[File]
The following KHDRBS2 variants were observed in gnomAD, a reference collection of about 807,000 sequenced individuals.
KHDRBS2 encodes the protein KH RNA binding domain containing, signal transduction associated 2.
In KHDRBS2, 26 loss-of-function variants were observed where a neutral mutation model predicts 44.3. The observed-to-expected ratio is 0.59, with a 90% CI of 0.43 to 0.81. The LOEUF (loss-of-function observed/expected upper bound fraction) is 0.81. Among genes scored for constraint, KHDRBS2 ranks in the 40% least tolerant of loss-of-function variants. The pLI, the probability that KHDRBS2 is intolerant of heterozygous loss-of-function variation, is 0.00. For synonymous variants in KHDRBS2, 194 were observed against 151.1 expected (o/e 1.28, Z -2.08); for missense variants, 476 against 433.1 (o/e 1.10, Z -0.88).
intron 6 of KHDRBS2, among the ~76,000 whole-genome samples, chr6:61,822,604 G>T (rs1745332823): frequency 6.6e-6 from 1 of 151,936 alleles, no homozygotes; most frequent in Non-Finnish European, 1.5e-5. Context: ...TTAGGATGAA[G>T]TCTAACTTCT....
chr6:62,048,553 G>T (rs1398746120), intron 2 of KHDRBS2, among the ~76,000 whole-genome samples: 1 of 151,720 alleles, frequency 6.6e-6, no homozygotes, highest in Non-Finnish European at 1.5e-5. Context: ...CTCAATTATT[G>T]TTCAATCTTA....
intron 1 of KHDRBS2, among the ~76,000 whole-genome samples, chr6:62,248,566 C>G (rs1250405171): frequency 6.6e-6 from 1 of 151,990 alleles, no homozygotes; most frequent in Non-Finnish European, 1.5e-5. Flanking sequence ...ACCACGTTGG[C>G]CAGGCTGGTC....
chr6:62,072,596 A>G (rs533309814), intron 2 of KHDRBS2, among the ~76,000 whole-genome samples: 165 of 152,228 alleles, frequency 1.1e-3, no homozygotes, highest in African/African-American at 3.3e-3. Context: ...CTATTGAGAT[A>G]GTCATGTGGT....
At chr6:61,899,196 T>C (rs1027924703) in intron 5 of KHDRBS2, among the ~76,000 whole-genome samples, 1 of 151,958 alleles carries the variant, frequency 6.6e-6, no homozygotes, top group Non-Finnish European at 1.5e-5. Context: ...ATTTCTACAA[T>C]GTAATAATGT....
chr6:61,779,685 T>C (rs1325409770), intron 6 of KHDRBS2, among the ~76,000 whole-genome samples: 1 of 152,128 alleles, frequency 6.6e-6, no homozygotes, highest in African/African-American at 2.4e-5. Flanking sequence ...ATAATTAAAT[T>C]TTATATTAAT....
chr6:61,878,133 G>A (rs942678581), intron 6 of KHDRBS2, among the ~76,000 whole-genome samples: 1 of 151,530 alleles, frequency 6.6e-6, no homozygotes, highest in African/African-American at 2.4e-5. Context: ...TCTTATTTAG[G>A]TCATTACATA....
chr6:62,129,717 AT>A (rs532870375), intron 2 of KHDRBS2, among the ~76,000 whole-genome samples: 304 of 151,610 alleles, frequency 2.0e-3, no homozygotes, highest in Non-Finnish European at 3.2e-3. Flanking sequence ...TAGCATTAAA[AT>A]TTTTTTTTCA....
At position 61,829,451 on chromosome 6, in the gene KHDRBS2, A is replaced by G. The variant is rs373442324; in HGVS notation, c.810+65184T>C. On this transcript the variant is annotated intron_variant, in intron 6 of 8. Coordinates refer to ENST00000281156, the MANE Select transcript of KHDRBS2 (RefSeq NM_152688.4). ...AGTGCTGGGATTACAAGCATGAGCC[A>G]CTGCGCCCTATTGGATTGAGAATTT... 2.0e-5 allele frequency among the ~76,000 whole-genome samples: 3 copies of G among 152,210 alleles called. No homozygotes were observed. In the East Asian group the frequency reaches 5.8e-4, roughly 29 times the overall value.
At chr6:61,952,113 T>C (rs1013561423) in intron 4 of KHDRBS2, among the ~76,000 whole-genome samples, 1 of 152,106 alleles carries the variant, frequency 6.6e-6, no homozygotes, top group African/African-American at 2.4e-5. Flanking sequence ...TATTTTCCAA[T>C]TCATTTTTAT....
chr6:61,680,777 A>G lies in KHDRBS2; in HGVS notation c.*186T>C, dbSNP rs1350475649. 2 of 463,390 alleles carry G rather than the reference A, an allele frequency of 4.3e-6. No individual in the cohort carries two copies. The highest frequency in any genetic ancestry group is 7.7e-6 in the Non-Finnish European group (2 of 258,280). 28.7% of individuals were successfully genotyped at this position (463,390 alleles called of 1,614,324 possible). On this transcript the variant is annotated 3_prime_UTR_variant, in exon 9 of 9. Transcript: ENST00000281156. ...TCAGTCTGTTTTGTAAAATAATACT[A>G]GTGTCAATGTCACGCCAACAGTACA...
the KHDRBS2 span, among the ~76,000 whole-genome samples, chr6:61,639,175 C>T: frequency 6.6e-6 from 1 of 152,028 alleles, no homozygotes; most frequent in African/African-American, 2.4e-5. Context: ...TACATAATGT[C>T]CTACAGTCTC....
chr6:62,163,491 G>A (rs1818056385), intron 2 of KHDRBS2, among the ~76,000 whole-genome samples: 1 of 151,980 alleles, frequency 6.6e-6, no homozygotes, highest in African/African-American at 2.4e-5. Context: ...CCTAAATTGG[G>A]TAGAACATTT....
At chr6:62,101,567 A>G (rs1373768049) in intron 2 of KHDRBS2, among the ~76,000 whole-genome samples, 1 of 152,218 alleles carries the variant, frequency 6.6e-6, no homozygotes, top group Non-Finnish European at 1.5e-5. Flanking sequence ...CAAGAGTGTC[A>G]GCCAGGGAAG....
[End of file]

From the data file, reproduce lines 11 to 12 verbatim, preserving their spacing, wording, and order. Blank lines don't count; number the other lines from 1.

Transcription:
chr6:62,129,717 AT>A (rs532870375), intron 2 of KHDRBS2, among the ~76,000 whole-genome samples: 304 of 151,610 alleles, frequency 2.0e-3, no homozygotes, highest in Non-Finnish European at 3.2e-3. Flanking sequence ...TAGCATTAAA[AT>A]TTTTTTTTCA....
At position 61,829,451 on chromosome 6, in the gene KHDRBS2, A is replaced by G. The variant is rs373442324; in HGVS notation, c.810+65184T>C. On this transcript the variant is annotated intron_variant, in intron 6 of 8. Coordinates refer to ENST00000281156, the MANE Select transcript of KHDRBS2 (RefSeq NM_152688.4). ...AGTGCTGGGATTACAAGCATGAGCC[A>G]CTGCGCCCTATTGGATTGAGAATTT... 2.0e-5 allele frequency among the ~76,000 whole-genome samples: 3 copies of G among 152,210 alleles called. No homozygotes were observed. In the East Asian group the frequency reaches 5.8e-4, roughly 29 times the overall value.